This year's Maker Faire features the I School student project "Art/Mo/Sphere," a virtual bubble-blowing interface developed by students Ashley Kayler, Michael Manoochehri, and Laura Paajanen for the school's course in Tangible User Interfaces.
Art/Mo/Sphere is a Rochambeau-style game that involves virtual bubbles colliding and popping to create art. When the two players blow into their bubble wands, virtual bubbles appear on the screen and move fast or slow depending on the intensity of the blowing. Rotating the wands left or right changes the direction that the bubbles travel. When bubbles from one wand collide with bubbles from the other, they pop and leave a paint splotch across the screen. The resulting exploded bubble splotches leave a beautiful image of abstract action art, a virtual homage to Jackson Pollack.
In the Art/Mo/Sphere game, "spiky" bubbles pop "gooey" ones, "gooey" defeats "fluffy," and "fluffy" bubbles take out the "spiky" ones. Players change the style of their bubbles by dipping their wands into corresponding buckets. Players can collaborate and try to influence the pattern of paint splotches, or they can compete to see who can pop more of the other's bubbles.
Maker Faire is a unique "do-it-yourself" showcase of creativity and ingenuity, a newfangled fair that combines high-tech wizardry and low-tech craftsmanship, in a two-day, family-friendly event May 30 & 31, 2009, at the San Mateo County Expo Center.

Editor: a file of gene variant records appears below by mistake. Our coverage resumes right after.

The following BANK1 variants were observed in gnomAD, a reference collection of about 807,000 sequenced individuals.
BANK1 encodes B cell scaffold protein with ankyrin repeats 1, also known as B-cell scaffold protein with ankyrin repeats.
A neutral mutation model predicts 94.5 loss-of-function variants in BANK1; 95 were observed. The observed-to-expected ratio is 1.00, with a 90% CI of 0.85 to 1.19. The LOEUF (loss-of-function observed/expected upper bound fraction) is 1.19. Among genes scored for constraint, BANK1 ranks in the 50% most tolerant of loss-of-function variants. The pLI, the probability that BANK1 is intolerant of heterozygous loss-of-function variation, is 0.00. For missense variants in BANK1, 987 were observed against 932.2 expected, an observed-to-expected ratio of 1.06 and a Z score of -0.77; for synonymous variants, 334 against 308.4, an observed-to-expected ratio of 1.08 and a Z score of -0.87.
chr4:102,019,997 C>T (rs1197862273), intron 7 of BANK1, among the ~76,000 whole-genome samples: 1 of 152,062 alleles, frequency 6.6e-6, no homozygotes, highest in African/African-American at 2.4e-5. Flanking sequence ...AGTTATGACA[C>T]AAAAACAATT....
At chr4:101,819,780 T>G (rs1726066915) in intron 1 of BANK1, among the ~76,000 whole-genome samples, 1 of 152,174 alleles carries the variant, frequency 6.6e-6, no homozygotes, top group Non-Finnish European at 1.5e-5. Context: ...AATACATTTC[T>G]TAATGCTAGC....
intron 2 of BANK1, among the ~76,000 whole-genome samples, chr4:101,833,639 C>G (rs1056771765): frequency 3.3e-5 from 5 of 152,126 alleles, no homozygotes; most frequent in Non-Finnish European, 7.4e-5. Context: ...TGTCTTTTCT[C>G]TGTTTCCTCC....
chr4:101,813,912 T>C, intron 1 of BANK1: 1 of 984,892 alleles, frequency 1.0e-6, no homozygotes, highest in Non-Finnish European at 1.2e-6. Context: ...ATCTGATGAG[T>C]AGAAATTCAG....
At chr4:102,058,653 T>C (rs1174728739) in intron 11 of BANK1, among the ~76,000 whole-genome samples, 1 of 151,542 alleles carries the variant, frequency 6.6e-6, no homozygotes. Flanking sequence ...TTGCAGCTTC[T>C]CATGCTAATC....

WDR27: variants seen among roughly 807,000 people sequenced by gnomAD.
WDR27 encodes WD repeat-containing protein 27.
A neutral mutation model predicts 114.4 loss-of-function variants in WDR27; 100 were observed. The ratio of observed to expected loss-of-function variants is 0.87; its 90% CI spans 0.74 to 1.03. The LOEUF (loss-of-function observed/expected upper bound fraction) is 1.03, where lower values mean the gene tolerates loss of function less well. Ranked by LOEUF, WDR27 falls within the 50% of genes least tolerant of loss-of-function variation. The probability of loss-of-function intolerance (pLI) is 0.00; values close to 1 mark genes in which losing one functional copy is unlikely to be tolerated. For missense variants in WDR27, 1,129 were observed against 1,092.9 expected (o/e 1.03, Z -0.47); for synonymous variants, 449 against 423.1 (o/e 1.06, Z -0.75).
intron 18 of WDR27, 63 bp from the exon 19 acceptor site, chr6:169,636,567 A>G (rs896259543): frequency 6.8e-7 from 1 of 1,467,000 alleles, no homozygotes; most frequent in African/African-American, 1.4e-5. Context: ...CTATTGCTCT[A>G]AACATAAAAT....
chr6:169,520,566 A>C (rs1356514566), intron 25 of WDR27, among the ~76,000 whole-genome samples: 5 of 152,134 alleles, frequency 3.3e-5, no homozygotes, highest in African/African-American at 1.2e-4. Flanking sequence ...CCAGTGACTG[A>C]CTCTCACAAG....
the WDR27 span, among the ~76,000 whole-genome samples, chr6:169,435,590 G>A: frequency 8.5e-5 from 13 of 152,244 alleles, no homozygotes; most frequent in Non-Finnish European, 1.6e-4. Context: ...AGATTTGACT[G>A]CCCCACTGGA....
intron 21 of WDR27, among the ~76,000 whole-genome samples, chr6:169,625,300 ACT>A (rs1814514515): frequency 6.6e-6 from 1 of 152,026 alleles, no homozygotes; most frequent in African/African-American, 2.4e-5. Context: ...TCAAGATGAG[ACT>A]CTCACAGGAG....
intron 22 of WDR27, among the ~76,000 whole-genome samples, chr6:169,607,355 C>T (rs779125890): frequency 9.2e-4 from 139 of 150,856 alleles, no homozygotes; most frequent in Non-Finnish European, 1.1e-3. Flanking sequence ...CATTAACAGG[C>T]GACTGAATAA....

The Faire features an eclectic mix of wild and wondrous creations, ranging from rockets and robots to weaving and screenprinting, and blending art and science with engineering and craft.
Tangible User Interfaces Course
Art/Mo/Sphere originated as a class project in the Fall 2008 Tangible User Interfaces course at the School of Information. In the course, professor Kimiko Ryokai focuses on the physical interaction with computational media, and students design and develop experimental applications, underlying technologies, and theories using concept sketches, posters, physical mock-ups, working prototypes, and a final project report.
The course will be offered again in Fall 2009.